So it is with all God’s creation, from its farthest reaches in space to its smallest detail on earth. Every part of creation expresses his sovereignty over us. Mountains and hills, flowers and snowflakes are purely of his doing, even as we are ourselves. Eugene Peterson puts it well in his paraphrase of Romans 12: The only accurate way to understand ourselves is by what God is and what he does for us, not by what we are and do for him.

I will lift up my eyes to the hills. From whence does my help come? My help comes from the Lord, who made heaven and earth
(Psalm 121: 1,2).
Bless the Lord, O my soul, and all that is within me bless his holy name. Bless the Lord, O my soul, and forget not all his benefits (Psalm 103:1).

Thursday, July 8, 2010

'Be Still ... and Know'

It was a Staff Retreat, right? In July, thinking ahead to fall and our common work at Salem. “Bring your Bible, a pencil, and a note pad.” Thus far predictable. “We’ll meet at church at 9:00 and go together to Silverwood Park for a couple of hours.” Why there, I wondered, away from all the ministry surroundings so central to our work at Salem? We were soon to find out.

Arriving on a lovely, warm, and breezy day at our destination nearby, we walked a bit to a sheltered area on a hill overlooking lovely Silver Lake surrounding us on several sides. Our pastor lead us in a morning prayer, after which we read several psalms, each reading a verse out loud from whatever version we had brought. It was all about how God is to be praised in all of his creation, by all of his creatures.

Salem’s theme over the last several years has centered on Drawing, Developing, and Deploying Disciples Devoted to Jesus Christ. Setting before us the scene in Acts 2:42-47, our pastor then offered a few random thoughts on what that looked like in the early church, asking us to reflect a bit also on how it might impact what we are seeking to do at Salem.

Then he asked us to go off by ourselves for an hour or so to observe our surroundings and reflect on the following: one thing in nature that brings glory to God and why; one thing in ourself that does the same;, and one thing about Salem that makes God smile as it too brings glory to him.

Before returning we were to ask ourselves what our observing might mean personally for us in our life as a human being, as well as what its implications might be for our specific role in ministry this year at Salem.

I was not prepared for this kind of retreat, fully agended as most such staff meetings have been in my experience. But gathering my thermos of coffee and a water bottle I had also brought along I took off to a shadowed tree nearby, looking for something on which to fix my gaze as I sat down to reflect. What I saw was the tree before you now, and what I wrote about that tree and about myself and about Salem and our common ministry follows.

I see a tree, all bent out of shape, leaning every which way. trunk and limb somewhat directionless, hardly thriving, yet bearing green leaves nonetheless--obviously still being fed from nourishing roots in watered soil.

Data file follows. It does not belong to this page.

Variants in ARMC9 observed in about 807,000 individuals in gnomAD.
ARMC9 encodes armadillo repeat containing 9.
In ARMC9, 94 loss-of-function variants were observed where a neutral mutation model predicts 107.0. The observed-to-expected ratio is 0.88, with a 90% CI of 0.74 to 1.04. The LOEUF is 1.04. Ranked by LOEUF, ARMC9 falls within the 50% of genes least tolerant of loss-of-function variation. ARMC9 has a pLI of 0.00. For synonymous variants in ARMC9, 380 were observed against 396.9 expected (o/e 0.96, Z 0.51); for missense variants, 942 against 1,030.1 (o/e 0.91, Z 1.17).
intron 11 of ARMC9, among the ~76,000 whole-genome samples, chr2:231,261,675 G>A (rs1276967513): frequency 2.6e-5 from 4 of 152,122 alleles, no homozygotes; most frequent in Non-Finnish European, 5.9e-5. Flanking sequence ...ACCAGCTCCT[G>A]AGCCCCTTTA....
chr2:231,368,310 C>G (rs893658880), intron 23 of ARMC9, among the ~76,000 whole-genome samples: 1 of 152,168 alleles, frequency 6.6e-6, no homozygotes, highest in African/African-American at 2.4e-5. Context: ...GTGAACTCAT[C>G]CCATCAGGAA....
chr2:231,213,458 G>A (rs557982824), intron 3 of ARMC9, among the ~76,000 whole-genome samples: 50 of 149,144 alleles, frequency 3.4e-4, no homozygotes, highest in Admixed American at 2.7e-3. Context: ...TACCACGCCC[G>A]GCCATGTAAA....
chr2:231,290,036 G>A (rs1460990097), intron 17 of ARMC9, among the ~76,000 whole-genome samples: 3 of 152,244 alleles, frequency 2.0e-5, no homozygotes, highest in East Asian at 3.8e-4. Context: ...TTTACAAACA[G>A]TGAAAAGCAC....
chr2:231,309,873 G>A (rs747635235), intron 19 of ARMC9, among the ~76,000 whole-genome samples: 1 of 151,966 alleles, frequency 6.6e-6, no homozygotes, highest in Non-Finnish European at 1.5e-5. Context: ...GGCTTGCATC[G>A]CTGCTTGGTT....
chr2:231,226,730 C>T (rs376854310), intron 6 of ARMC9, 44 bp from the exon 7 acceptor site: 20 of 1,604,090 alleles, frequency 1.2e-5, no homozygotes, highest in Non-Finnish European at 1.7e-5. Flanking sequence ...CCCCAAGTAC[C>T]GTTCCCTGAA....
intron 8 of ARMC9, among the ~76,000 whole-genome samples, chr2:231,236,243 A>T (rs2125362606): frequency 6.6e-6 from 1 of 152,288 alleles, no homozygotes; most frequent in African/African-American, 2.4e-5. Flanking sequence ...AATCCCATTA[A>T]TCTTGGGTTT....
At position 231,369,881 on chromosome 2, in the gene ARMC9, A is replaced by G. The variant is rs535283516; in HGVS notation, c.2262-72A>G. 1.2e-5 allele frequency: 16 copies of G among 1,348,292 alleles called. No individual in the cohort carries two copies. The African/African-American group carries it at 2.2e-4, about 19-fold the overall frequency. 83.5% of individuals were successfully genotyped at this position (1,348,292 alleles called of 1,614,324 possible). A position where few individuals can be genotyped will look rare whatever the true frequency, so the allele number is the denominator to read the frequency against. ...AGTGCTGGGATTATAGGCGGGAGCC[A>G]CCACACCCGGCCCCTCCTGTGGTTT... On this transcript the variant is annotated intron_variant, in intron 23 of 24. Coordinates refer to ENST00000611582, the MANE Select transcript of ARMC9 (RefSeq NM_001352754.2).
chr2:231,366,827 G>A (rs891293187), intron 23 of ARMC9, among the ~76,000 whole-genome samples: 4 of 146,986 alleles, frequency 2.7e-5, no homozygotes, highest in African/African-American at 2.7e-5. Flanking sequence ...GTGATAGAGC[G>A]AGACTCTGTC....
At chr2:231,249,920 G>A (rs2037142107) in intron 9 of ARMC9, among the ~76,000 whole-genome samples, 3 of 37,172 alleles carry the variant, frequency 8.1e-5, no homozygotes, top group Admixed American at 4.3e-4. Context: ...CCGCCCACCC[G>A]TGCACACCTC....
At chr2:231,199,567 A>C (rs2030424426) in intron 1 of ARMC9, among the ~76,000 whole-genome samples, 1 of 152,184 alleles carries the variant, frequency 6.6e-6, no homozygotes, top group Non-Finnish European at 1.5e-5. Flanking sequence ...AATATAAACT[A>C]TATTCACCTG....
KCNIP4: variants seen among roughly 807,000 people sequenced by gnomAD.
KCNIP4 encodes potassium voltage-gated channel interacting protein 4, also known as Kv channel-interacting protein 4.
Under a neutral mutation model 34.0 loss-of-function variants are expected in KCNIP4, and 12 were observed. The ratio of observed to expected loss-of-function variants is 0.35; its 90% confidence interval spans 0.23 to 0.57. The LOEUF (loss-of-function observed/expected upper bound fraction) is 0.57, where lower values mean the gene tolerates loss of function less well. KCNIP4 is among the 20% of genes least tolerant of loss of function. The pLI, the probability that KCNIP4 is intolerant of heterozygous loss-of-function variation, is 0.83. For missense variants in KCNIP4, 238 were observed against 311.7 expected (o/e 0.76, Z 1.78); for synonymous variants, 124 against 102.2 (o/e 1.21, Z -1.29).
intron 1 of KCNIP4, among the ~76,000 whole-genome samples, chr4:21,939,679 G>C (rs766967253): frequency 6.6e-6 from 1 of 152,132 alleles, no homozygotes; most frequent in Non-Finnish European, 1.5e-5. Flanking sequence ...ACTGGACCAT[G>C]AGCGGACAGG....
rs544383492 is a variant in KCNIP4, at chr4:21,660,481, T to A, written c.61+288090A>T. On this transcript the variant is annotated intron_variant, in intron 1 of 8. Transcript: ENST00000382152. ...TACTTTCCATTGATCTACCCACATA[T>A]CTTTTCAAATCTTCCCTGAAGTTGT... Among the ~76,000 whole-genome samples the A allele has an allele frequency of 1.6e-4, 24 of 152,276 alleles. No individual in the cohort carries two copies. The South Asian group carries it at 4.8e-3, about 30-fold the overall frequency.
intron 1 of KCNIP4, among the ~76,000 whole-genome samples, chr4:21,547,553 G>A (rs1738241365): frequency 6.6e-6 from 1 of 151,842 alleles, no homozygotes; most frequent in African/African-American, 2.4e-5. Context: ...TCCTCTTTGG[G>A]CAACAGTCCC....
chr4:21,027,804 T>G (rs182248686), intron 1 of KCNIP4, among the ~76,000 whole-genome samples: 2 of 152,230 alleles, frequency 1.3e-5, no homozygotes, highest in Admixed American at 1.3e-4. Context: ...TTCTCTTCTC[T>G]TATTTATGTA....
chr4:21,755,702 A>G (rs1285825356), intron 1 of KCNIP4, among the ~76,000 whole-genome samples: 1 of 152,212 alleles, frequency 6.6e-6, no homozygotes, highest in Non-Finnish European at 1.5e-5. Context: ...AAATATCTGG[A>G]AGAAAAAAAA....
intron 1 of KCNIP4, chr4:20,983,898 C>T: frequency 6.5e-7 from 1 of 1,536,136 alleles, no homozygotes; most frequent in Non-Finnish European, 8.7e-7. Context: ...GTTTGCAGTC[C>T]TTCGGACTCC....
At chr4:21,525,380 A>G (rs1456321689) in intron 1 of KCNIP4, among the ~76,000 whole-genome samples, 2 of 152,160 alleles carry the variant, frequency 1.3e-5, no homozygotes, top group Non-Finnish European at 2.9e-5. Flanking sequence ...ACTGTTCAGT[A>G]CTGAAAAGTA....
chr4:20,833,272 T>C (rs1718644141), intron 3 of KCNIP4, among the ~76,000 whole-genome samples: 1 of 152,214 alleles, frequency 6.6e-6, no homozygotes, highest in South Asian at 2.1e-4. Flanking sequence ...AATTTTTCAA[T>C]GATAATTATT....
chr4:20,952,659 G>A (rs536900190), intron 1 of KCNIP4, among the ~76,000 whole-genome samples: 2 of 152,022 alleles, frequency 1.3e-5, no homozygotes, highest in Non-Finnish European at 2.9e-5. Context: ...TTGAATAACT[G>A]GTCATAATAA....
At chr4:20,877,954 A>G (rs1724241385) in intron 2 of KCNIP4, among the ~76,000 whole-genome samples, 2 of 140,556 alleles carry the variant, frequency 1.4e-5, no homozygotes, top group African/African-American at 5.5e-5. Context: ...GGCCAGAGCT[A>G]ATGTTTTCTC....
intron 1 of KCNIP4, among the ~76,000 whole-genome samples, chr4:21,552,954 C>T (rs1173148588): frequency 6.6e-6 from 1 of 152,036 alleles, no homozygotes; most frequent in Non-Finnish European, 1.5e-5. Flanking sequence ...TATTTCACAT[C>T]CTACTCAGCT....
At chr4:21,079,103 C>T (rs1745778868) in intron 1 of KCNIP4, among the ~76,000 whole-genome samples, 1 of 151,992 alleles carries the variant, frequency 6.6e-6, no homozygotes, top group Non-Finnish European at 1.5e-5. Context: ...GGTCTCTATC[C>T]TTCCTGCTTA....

The tree is not growing straight like most trees, partly because it is too close to flowing water, i.e. it is being shaped by the flow surrounding rather than by how it was meant to be shaped as a thing in itself.

At the same time I hear a wind blowing and feel its gentle influence on my body and brow. It is a warm wind, as if sent from God, yearning to bless the tree and heal its brokenness, if not in fact its stance.

I too am a tree, alive yet and green, even at my advanced age. For all my brokenness, bent out of shape but not out of mind, I too am sprouting green, feeling the warmth of God’s gentle wind and enjoying his presence.

Could it be that in my weakness is my strength? Is this tree a living reminder that it is to brokenness and disarray in people’s lives that I am called, those who for whatever reason have not yet felt the presence of God in the warm breeze, nor even sensed their need of him?

Salem, like the tree and like me, is not uniform either. Its branches and leaves are in many ways random too, like all of humanity save for the warm winds of God over time that have gathered it as a community of faith and gather it still.

Lord, open us all to embrace our humanity, our essential brokenness in sin and need, and heal us of all our efforts to save and justify ourselves. Ride toward us on the gentle, warm winds of your Spirit and do a new thing among us.

Make me to be an instrument in the hands of that wind, a shaping tool in your mighty hand to sustain life in its brokenness, bloom where I am planted, and bring glory to your name.

On rising to return to the shelter I noticed that our pastor was nestled on a limb of the same tree reaching out over the water. As he descended from his perch we reflected together on how that tree had drawn both of us to itself. And faces aglow, we were reminded--as were others of our staff in their own later reflections--that God is indeed everywhere, and that ministering for him must always proceed first from the glow of his presence in us and ministry to us.